Exhibit M2-Functional Roadway Classification
Functional Roadway Classification-Printable and Zoomable
The Functional Roadway Classification Plan shows the hierarchy of our roadway system, consistent with the guidelines of the Federal Highway Administration:
- Freeway: Freeways are limited-access, high-speed travelways included in the state and federal highway systems.
- Other Principal Arterials: Other Principal Arterials serve the major centers and corridors of activity, carry the highest volumes of traffic, and serve the longest trips of all City roadways. Other Principal Arterials typically accommodate four to eight lanes of traffic and medians.
- Minor Arterials: Minor arterials accommodate less traffic and are for trips of moderate length. Minor Arterials allow a greater level of access to abutting properties so speeds are lower than Other Principal Arterials. Minor Arterials connect our community but ideally should not penetrate residential neighborhoods. The roadway configuration and right-of-way width vary depending on local conditions, but typically accommodate four to six lanes of traffic and medians.
- Collector Streets: Collector streets provide access to abutting properties and traffic circulation within residential neighborhoods and business areas. Collector streets allow access to local and arterial roadways. The roadway configuration and right-of-way width vary depending on local conditions, but typically accommodate two to four lanes of traffic.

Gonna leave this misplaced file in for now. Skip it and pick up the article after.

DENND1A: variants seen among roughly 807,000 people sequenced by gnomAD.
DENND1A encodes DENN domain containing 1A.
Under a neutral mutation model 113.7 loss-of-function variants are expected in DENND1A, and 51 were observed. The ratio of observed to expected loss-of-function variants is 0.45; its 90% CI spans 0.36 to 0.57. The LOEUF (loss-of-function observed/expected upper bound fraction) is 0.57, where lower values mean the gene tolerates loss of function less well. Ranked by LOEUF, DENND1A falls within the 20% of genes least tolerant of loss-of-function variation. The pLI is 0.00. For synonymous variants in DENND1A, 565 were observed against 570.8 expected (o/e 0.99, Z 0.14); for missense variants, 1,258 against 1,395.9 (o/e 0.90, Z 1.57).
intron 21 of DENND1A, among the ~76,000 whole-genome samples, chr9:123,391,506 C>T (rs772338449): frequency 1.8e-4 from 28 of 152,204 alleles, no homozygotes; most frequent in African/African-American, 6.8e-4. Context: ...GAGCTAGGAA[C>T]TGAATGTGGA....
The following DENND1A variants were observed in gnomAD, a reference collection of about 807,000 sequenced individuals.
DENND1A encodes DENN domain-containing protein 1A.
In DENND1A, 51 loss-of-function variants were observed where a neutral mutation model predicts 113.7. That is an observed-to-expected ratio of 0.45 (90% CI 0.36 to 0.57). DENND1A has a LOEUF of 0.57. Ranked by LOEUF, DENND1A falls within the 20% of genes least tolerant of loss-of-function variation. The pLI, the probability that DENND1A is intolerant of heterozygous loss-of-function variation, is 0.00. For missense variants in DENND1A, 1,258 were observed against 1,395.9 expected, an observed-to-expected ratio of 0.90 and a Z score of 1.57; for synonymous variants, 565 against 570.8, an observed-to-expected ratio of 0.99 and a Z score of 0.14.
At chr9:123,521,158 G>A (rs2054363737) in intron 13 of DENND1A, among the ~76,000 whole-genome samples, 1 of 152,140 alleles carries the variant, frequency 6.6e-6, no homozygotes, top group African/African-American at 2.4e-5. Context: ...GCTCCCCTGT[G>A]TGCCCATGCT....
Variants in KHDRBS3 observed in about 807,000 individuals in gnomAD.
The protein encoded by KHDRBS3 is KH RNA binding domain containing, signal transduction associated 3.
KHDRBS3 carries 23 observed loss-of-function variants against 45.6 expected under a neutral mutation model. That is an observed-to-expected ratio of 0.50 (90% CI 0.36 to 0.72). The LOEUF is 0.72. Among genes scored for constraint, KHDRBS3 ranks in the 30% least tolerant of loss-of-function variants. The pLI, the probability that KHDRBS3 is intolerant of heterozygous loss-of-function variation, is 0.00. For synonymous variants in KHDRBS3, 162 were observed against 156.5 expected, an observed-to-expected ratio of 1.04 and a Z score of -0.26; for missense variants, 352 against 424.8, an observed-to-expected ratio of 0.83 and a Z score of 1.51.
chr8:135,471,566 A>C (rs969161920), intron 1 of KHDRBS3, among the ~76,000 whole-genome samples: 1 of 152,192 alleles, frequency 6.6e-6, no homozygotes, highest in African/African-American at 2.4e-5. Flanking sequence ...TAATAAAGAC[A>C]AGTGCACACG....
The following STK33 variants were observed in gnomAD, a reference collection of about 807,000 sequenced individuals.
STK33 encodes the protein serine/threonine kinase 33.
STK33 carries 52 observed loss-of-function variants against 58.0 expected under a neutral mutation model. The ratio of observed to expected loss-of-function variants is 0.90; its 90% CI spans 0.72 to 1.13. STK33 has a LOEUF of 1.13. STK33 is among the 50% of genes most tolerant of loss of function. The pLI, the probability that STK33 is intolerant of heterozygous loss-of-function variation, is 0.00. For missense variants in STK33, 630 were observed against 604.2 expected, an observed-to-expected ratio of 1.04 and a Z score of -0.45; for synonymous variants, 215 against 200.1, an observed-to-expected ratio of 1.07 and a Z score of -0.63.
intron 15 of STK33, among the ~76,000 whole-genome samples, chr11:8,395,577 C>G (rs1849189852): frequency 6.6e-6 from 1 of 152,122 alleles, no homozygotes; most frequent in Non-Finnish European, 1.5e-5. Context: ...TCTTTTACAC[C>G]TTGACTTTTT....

- Local Streets: The primary function of a local street is to provide direct access to abutting properties. Local streets rarely have more than two travel lanes, speed limits are generally low, and are not intended for through traffic. Local streets are not included on the Functional Roadway Classifications map because they are not considered part of the backbone circulation system identified in this element.
- Enhanced Intersection: Enhanced Intersections may include additional lanes, reduced median width, increased right-of-way width, removal of on-street bike lanes, or reduction of parkway width to increase capacity, improve operations and respond to local demands. Detailed engineering studies are necessary to identify the most effective and feasible types of improvements.
The ultimate number of lanes needed on each roadway, as well as the right-of-way requirements, are identified in the City’s Master Plan of Street and Highways.